Game Wrap-ups

Rangers Winless Streak Extends To Five

In private conversations over the last couple of days the discussion has been about how important tonight’s two points were to the New York Rangers at a critical juncture of the season and the different ramifications that could result.  The team had the chance to go into Detroit with only two possible outcomes to be had.  They would either secure a huge win against a great team to snap a skid, or they would walk out having gone winless in five straight.  Despite a very good effort, the Rangers would fall short in yet another 3-2 loss in which the ineptitude of the power play would play a critical part.  Now the team is left without a game until Friday against the also struggling Thrashers, having not won a game since January 24th.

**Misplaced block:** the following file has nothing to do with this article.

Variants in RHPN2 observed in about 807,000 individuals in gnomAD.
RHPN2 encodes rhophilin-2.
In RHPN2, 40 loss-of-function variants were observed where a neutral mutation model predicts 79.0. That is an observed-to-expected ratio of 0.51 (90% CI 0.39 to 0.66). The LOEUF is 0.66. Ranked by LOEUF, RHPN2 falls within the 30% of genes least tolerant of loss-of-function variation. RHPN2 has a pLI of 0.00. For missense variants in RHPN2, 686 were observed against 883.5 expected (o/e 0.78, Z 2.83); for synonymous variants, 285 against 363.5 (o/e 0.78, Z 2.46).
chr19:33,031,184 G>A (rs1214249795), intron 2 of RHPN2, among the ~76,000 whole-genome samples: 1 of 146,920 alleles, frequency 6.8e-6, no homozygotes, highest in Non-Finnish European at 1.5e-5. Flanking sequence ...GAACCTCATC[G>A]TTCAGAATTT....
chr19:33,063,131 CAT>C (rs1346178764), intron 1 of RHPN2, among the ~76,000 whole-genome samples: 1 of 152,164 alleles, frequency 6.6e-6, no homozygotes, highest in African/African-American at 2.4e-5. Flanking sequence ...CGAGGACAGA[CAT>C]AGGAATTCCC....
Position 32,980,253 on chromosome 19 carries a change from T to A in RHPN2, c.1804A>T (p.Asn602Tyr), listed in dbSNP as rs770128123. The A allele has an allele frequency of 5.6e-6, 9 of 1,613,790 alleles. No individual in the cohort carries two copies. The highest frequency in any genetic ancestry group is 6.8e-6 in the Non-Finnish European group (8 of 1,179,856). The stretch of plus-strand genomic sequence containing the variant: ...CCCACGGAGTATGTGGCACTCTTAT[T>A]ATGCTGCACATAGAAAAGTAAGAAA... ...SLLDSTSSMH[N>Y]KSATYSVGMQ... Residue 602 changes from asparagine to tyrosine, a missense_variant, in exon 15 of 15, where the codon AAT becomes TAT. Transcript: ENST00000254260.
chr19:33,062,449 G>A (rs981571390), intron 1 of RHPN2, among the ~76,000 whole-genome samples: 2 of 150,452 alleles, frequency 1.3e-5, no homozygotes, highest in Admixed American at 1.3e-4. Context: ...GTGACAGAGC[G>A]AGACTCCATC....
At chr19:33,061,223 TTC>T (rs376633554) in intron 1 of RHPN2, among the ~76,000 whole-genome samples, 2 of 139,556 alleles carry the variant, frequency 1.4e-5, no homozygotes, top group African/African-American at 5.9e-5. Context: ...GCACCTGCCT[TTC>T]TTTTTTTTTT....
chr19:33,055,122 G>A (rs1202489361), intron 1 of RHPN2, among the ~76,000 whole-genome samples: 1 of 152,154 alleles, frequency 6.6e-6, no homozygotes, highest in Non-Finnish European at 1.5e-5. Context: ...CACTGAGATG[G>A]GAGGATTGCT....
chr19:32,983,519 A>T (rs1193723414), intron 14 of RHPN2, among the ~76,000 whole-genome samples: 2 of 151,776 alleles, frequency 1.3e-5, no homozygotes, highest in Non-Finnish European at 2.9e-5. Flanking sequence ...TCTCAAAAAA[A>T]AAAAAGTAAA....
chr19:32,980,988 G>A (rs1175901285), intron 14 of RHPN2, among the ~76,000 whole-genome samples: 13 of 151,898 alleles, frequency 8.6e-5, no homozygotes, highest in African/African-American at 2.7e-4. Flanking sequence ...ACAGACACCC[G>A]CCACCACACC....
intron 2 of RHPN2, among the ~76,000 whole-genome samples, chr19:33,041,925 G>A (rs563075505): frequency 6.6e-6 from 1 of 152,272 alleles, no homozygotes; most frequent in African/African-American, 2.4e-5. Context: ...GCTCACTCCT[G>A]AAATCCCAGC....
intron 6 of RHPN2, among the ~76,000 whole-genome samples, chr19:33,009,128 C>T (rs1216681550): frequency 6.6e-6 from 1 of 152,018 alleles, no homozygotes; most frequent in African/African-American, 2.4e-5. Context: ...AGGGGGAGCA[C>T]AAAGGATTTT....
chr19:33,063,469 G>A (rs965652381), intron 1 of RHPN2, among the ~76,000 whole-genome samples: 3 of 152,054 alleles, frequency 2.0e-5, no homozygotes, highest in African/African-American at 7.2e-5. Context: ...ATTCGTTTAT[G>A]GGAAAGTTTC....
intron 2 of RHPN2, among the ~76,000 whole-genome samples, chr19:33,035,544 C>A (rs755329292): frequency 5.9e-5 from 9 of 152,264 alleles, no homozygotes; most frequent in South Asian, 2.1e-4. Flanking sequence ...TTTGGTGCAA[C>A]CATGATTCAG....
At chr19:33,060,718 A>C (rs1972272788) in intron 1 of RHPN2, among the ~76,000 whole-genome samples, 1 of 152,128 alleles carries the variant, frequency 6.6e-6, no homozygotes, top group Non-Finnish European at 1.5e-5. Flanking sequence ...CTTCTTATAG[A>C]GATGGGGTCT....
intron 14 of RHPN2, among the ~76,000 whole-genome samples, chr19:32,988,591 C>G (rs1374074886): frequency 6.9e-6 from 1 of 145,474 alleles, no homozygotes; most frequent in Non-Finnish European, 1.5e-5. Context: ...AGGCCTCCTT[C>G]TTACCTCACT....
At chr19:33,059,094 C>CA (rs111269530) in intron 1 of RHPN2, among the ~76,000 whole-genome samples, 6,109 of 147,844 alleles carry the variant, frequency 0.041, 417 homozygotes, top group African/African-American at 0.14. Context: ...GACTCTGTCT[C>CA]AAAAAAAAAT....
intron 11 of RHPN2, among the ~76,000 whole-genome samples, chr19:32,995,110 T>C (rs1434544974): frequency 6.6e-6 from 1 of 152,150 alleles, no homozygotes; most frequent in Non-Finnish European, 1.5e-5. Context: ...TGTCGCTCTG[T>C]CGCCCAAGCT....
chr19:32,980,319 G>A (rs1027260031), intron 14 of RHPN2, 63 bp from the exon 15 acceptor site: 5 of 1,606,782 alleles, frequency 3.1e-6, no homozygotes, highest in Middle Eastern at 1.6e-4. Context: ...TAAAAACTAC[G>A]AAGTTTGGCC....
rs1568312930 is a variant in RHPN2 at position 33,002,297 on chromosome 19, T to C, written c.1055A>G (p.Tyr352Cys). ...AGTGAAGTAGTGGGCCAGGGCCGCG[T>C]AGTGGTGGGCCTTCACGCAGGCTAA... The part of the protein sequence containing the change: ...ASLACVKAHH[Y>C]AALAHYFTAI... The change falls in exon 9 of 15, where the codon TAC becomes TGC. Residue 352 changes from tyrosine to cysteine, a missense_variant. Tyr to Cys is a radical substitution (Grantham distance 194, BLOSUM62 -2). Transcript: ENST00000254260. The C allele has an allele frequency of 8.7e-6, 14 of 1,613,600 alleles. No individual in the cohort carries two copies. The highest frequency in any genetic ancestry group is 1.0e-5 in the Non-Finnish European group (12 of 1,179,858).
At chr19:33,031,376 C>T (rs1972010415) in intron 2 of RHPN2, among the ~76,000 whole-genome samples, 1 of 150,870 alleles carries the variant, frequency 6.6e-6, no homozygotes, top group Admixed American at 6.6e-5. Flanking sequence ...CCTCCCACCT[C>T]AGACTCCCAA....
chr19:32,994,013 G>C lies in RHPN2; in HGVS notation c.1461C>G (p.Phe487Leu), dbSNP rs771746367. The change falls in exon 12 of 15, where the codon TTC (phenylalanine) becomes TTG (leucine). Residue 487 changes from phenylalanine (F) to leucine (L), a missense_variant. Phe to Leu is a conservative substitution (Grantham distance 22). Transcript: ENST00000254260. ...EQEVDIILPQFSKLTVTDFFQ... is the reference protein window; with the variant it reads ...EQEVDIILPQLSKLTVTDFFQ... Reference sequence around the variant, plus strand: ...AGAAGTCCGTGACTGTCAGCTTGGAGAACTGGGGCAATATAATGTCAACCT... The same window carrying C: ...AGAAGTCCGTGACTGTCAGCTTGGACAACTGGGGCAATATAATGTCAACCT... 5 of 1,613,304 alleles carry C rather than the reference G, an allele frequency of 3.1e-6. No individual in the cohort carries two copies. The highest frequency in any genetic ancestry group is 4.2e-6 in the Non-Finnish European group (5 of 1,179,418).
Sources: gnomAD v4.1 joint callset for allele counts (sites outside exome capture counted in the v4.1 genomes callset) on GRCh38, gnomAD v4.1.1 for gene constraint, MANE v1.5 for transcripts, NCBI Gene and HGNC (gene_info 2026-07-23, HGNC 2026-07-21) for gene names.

While the Thrashers continuing to lose is a slight saving grace for the Blueshirts, they cannot take those kind of moral victories as Carolina is on their heels and suddenly Buffalo, while nine points back, has five games in hand on New York.  Friday will obviously be a crucial game, but it will also be very interesting to see what the team does over these three intervening days.

In terms of the game, the Rangers came out of the gates playing their style of hockey.  The pressure was creating turnovers, they were forechecking and cycling the puck and had plenty of chances to get the early goal on Jimmy Howard, who came in struggling.  Unfortunately, as has been the case a lot of times of late, the Rangers were unable to get one in and make all their work pay dividends on the scoreboard.  Detroit started to play their game in the latter half of the period, but at the end of one the score was tied and the Rangers had a penalty that was going to carry over.